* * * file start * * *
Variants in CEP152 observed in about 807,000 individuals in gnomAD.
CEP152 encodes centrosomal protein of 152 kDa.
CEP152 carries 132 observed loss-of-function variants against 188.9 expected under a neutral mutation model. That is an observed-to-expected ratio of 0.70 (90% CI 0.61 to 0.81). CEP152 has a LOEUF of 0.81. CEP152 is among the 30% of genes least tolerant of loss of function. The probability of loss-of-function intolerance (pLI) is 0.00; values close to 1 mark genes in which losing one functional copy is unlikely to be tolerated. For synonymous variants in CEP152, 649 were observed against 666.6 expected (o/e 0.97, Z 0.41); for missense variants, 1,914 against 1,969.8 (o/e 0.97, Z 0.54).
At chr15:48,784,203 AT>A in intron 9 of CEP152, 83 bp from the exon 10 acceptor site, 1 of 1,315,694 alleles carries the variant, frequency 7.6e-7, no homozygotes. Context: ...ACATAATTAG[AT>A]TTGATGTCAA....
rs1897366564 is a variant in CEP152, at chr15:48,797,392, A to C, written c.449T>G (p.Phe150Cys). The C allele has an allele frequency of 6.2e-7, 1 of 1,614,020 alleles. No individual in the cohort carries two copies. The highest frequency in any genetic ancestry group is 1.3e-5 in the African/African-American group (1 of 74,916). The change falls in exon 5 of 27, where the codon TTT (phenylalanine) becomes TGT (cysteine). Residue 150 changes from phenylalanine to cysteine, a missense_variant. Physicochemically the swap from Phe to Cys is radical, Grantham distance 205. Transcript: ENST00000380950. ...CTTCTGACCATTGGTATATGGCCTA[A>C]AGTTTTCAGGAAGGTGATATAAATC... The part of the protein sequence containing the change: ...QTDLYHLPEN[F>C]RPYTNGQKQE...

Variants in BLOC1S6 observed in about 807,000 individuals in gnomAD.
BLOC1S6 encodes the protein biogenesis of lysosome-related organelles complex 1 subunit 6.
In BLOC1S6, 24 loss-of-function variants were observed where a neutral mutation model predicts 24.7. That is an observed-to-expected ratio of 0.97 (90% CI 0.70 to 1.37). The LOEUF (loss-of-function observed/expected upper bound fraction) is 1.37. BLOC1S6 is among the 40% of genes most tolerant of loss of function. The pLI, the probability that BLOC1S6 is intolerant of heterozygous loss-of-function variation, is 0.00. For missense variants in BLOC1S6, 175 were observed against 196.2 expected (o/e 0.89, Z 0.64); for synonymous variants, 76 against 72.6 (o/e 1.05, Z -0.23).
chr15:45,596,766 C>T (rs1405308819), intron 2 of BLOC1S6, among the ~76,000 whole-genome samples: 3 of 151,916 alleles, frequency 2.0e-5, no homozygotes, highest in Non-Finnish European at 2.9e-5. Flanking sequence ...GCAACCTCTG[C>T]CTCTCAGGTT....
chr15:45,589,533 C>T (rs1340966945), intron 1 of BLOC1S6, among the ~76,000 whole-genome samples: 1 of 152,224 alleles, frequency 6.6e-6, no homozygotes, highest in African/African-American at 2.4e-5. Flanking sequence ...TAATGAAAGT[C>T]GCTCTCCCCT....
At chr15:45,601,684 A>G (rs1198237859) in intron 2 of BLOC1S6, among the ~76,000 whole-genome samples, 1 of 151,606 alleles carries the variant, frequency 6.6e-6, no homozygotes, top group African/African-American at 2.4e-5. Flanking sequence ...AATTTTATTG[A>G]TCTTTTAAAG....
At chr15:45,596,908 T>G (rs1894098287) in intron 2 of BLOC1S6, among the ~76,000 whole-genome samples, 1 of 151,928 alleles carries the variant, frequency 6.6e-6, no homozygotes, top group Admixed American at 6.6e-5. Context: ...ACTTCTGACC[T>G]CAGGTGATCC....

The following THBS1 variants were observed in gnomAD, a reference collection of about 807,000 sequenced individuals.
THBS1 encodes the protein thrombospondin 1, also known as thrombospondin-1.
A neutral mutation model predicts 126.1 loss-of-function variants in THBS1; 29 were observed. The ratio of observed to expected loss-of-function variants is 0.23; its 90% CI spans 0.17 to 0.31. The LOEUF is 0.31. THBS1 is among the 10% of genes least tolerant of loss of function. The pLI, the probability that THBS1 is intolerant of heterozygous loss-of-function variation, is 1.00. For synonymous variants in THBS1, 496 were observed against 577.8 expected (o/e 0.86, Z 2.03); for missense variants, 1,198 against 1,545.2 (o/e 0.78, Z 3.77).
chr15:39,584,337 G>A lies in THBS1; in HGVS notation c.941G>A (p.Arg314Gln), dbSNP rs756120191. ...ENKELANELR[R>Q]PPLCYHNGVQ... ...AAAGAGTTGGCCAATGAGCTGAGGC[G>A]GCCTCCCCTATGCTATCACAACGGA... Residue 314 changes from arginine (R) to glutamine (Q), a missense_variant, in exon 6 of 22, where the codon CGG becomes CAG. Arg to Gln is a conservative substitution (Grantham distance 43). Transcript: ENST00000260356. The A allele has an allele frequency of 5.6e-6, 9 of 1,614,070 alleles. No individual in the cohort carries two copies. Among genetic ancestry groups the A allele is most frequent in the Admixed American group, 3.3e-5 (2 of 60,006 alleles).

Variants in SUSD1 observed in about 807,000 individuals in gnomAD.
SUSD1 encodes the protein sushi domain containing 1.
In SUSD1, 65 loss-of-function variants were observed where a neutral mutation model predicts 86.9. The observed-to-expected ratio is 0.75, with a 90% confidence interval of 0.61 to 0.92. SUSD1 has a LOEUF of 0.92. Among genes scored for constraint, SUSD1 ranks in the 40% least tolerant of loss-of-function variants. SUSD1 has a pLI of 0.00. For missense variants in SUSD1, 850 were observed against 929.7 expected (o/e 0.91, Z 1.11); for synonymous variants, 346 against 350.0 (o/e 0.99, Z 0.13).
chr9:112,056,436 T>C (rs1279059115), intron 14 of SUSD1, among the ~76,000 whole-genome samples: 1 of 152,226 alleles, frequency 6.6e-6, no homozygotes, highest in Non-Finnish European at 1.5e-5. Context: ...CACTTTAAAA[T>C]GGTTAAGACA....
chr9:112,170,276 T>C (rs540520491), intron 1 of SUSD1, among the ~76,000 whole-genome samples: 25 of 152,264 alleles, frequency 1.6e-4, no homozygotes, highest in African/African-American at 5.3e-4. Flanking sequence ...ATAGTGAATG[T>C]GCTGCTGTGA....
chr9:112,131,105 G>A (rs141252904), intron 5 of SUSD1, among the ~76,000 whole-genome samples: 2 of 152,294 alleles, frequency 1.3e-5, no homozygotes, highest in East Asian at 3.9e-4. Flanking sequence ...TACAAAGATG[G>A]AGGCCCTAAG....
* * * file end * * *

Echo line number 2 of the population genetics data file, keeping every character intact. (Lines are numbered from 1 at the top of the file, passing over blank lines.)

CEP152 encodes centrosomal protein of 152 kDa.